The Jets won their third straight game on Sunday, a stunning 34-3 blowout of the Raiders. Here are some thoughts and observations on the game:
1. Jets coaches had a moment of joy when watching the film of the win over the Redskins last week. After quarterback Sam Darnold threw an ill-advised screen pass in the second quarter that was intercepted, he wound up on the sideline and was walking his way toward the bench. Then, he gave a motion with his hands that he should have “dirted” the ball, meaning throw it at the receiver’s feet so it cannot be intercepted.
Darnold did not need to be told what he did wrong. He realized it immediately, and the coaches saw another sign that the second-year quarterback is growing.
The most impressive part of Darnold’s game Sunday against the Raiders was not the throws he made, but the ones he threw away. Young quarterbacks often struggle with when to give up on a play and live to see another day. It goes against their competitive spirit, and they have insane confidence in their own ability to make throws because they have been able to get away with so much in high school and college.
But in the NFL, one of the keys to good quarterback play is throwing it away, and Darnold had a few smart decisions on Sunday. In a drive in the second quarter, he threw it away twice. The second time was on third-and-15 at the Raiders 17. If he takes a sack here, the Jets could be out of field-goal range. If he tries to force a throw, it could be an interception. Instead, Sam Ficken kicked a 35-yard field goal for a 13-3 lead.
Now, it should be pointed out that Darnold did make a great throw during this drive to Robby Anderson for a 31-yard gain when he probably should have just tucked the ball and ran. But he placed the ball perfectly and Anderson made a great catch.
Later in the second quarter, the Jets had a screen pass called at the Raiders 30. Darnold saw that Dion Jordan had sniffed it out and this time he did dirt the ball, throwing it to the ground. It led to another Ficken field-goal attempt that he missed.
Darnold makes throws every game that make you say, “Wow,” but on Sunday it was the throws out of bounds and into the ground that made me believe he is hitting his stride.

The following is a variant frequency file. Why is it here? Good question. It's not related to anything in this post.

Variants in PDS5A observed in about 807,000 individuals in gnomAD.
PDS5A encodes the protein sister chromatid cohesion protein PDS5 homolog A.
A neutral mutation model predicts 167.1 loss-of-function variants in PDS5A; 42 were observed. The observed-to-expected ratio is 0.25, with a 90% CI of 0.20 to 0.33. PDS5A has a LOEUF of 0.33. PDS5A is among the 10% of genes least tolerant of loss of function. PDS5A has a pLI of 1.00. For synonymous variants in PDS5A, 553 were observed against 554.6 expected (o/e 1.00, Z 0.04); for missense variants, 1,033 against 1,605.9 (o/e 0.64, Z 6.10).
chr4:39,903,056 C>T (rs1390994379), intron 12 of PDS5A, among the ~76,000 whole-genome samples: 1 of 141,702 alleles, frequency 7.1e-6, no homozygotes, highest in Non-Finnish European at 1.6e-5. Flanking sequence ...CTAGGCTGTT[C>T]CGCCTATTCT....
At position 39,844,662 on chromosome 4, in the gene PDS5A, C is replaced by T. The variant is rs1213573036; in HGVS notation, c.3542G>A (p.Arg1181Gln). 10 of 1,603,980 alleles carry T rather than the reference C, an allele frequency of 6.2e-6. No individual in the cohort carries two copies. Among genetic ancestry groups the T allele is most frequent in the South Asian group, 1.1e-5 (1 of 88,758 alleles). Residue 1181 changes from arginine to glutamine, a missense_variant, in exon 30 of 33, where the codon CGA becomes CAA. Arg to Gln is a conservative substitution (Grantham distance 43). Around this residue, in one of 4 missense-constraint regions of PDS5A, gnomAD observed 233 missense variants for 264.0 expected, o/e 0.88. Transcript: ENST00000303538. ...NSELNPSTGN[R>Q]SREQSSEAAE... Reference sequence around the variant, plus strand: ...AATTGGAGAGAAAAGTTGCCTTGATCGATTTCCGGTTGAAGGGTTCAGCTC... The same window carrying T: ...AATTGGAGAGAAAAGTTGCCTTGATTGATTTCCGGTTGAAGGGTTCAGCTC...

2. Let’s get this out of the way now: The Jets are not making the playoffs. I understand they are two games behind the Steelers for the sixth seed in the AFC. I get it that they have two winnable games coming up. But this is a pipe dream.
They have a 1.1 percent chance of making the playoffs, according to Football Outsiders. Sunday was the Jets’ first win in the AFC and they are winless in the AFC East. This reminds me of July, when we are trying to figure out whether the Mets should be buyers or sellers and they are five games out, but there are six teams ahead of them. Right now, the Steelers, Raiders, Colts, Titans, Browns, Jaguars and Chargers are all ahead of the Jets in the race for the No. 6 seed.
What it makes me think is: What if? What if the Jets did not blow a 16-point lead against the Bills in Week 1? What if they did not lose to the winless Dolphins four weeks ago? If you win one of those games, you are 5-6 and have another win in the AFC and playoff talk is more realistic. If you win both, now you might control your playoff lives.
I think the Jets will look back at those two games after this season and think about what might have been.
3. CBS showed a graphic during the game Sunday that the Jets have 25.6 percent of their salary cap on injured reserve right now, the most in the league. There are 15 players who cost $48.7 million. It is a staggering amount, but I think some of those players going on IR have oddly helped the Jets out.
They are getting more from some of those players’ backups than they were getting from the high-priced, big-name players.
Cornerbacks Bless Austin ($473,802 cap number) and Arthur Maulet ($341,471) have played really well in place of Trumaine Johnson ($12 million). Center Jonotthan Harrison ($2.75 million) has stabilized the offensive line after Ryan Kalil ($8.4 million) went down. It is hard to say Neville Hewitt ($1.5 million) has been better than Avery Williamson ($8 million) would have been, but he has been as good.
So, yes, the Jets have lost some key, pricey players this season. But in some cases, they have been better off for it.
4. I found Jamal Adams’ comments about the Raiders fans firing up the Jets fascinating. This is not a new occurrence at MetLife Stadium. Opposing fans frequently take over the stadium, but I have never heard players take issue with it before.
I don’t blame Jets fans who sell their tickets. The cost for season tickets is outrageous, and it is a way to recoup some of that money. Plus, the Jets have not given them much of a product to watch this decade.
The Jets have two home games left this season, against the Dolphins and Steelers. I don’t think Dolphins fans will be an issue in that game because Miami stinks. But Steelers fans always fill up MetLife when they play here. I am interested to see if Adams’ remarks have an effect on Jets fans who are considering selling their tickets.
Revealing stat: The Jets won by 31 points on Sunday and led by 31 at one point during the win over the Redskins last week. It is the first time in franchise history the Jets have held leads of 30 or more in consecutive games.
Surprising snap count: Quinnen Williams only played 28 out of 59 snaps. I don’t understand why the rookie defensive lineman is not playing more.
Game ball: Sam Darnold had a day, throwing for 315 yards, accounting for three touchdowns and not turning the ball over. I would also throw a game ball to coach Adam Gase, who called a great game.
For more on the Jets, listen to the latest episode of the “Gang’s All Here” podcast: